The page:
“For a new generation, nature is more abstraction than reality.”
– Richard Louv, Last Child in the Woods
What are you doing with your kids now that spring is coming and the weather is getting nicer? How about taking a family camping trip? Or going to the beach or for a hike? Or packing a picnic for the park?
The benefits of getting children out into nature are immense and undeniable. Doing so:
• Boosts health
• Enhances problem solving skills
• Improves self-confidence
• Heightens concentration
• Develops creativity
• Reduces stress
• Improves classroom performance
We spend so much time outdoors as a family. Granted, we are blessed to live in Hawaii, where we can enjoy nature year-round. We also have a tiny apartment, but live on the beach and adjacent to a huge park. So most of our days are spent at the beach, running around the park, and hiking.
With support from Disney, the Conservancy recently surveyed parents of kids between the ages of 3 and 18 in the U.S., Brazil, China, Hong Kong and France. Their research revealed that 65% of American parents feel their kids aren’t getting enough time outside — in spite of the fact that an overwhelming 82% of them view spending time in nature as a high priority.
So, what’s the problem? Where is the breakdown between parents desiring time outdoors for their kids and yet not making it happen? Naturally, homework and after-school activities like basketball practice and dance lessons take up a lot of room in young people’s schedules. But so do endless hours spent on electronic devices. Parents have to make a commitment to being their children’s stewards, planning outdoor activities for the family and encouraging time spent in nature.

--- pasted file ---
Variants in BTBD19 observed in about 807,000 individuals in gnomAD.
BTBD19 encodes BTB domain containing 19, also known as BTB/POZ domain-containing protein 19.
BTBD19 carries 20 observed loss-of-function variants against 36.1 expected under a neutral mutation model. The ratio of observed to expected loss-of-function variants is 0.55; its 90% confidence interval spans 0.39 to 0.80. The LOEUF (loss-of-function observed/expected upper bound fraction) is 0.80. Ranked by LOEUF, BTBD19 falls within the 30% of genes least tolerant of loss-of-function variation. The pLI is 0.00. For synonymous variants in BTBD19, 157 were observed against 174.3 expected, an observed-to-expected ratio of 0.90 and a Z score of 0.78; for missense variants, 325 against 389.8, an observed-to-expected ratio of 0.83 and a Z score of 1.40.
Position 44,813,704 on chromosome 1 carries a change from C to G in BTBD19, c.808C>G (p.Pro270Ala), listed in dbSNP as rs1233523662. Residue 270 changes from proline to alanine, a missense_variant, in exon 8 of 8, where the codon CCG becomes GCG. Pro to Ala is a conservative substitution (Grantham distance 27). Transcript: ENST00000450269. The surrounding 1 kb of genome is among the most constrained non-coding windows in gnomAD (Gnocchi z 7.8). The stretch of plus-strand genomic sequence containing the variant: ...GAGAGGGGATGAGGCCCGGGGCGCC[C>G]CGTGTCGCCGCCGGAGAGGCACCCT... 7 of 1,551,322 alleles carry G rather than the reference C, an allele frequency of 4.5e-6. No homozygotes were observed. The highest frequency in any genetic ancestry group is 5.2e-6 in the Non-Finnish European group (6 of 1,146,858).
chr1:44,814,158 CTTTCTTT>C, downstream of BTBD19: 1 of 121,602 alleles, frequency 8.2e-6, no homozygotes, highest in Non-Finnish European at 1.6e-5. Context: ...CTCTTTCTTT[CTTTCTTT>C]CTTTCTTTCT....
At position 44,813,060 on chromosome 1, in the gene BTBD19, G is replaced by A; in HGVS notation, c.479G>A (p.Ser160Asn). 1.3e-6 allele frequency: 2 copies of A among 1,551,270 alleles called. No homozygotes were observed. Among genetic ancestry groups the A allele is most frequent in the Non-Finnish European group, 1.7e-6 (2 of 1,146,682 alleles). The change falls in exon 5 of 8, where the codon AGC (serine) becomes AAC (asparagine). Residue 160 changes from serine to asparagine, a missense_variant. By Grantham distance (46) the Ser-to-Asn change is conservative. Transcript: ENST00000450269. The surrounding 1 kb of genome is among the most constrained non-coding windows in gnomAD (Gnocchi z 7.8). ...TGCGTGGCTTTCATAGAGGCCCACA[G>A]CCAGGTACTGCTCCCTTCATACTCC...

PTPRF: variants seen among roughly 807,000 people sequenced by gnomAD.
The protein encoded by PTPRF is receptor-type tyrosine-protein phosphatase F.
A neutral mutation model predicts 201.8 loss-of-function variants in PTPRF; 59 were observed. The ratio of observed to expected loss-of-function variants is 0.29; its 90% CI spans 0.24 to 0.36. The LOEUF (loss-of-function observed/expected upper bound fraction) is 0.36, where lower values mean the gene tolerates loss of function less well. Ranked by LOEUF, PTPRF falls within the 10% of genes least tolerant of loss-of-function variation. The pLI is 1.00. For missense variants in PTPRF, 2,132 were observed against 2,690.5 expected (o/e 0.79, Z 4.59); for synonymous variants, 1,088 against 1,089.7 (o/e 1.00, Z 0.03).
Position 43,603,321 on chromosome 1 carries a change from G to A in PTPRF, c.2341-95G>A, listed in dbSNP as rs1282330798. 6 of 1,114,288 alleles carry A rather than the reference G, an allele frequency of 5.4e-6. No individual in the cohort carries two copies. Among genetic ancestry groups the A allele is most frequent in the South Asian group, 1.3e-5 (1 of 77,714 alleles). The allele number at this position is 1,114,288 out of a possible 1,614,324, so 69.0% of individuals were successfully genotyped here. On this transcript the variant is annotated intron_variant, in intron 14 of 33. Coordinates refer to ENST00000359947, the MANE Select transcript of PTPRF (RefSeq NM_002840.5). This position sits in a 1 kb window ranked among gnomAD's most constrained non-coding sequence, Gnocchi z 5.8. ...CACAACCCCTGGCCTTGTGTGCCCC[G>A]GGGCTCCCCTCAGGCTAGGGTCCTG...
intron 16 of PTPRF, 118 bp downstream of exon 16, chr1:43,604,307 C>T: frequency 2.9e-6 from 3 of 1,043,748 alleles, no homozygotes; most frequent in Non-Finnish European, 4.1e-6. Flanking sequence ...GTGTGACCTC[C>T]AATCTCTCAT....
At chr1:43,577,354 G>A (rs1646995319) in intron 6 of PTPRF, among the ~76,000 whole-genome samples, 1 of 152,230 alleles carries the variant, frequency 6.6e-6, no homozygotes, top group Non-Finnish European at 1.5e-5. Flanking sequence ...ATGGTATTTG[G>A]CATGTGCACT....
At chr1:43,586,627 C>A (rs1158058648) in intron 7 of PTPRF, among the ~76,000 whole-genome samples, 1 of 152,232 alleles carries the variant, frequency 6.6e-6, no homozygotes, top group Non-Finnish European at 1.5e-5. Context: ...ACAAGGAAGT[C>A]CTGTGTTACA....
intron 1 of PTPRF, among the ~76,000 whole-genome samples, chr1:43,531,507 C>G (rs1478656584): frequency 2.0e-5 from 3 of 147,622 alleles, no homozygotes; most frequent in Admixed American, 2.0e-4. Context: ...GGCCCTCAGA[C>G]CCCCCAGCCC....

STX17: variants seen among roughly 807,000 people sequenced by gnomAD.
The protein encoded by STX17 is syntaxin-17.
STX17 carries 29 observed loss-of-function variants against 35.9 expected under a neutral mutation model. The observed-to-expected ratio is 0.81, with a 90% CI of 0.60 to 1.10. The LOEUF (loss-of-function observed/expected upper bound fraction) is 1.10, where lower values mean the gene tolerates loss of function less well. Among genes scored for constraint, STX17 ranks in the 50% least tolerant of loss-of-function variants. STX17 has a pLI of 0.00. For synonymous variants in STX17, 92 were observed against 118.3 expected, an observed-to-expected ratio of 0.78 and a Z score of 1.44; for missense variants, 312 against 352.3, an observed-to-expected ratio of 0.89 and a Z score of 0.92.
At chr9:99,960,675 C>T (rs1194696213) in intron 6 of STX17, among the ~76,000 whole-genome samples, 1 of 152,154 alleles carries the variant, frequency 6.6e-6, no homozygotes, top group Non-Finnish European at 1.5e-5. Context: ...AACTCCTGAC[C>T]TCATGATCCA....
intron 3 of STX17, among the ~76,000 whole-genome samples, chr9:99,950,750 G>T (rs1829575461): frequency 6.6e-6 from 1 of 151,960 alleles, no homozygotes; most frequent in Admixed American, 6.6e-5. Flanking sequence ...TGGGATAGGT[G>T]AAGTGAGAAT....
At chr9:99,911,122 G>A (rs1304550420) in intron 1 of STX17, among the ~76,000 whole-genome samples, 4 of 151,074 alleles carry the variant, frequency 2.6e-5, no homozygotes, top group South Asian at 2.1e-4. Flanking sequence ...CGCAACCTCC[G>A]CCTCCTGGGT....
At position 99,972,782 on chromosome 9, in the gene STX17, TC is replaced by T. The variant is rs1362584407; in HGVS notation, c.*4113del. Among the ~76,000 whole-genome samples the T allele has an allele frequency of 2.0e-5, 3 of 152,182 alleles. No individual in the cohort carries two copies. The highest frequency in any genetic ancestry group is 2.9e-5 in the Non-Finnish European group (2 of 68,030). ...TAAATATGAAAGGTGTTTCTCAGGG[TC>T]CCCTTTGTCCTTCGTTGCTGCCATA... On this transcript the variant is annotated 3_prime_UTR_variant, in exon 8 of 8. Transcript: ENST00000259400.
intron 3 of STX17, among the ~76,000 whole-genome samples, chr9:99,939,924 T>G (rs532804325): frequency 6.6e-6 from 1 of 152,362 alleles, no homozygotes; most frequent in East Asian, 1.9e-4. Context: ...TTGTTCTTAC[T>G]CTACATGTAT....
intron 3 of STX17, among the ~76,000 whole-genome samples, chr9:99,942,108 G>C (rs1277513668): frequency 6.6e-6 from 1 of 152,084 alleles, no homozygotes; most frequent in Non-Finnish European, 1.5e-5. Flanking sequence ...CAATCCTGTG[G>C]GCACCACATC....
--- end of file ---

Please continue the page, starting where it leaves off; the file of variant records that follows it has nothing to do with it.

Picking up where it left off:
Fear of what might go wrong also impedes many parents and children from adventuring more frequently into the outdoors. We’ve all heard nightmare tales of people getting Lyme disease on a camping trip, breaking a leg while skiing or even drowning while whitewater rafting. But the reality is the benefits far outweigh the rare “horror story” risks, and getting outside doesn’t have to mean getting totally crazy. Even a hike or swim in the lake can make us breathe easier and remind us that we’re part of a larger, interconnected world.
The good news for urbanites is that you don’t have to take your kids hundreds of miles away to a national park or wait for your next vacation in order to enjoy the benefits of the great outdoors. Even a trip to the local city park can increase feelings of happiness and calm. Sitting on a lawn amongst the trees gives us a much-needed break from traffic, noise and technological distractions.
Nature Rocks program director Sarita Bhargava lives in northern Virginia with her husband and daughter (pictured above). She says, “Nature is our playground, and I am learning everyday how nature helps my daughter develop holistically. She gets mental and physical benefits from the outdoors that I know will contribute to her success in life. The doctors just gave us a free prescription to get outside. In my family, nature seems to be having a positive influence with no side effects.”
So go on and get outdoors!
Infographic credit: Nature Rocks; Photo credit: Sarita Bhargava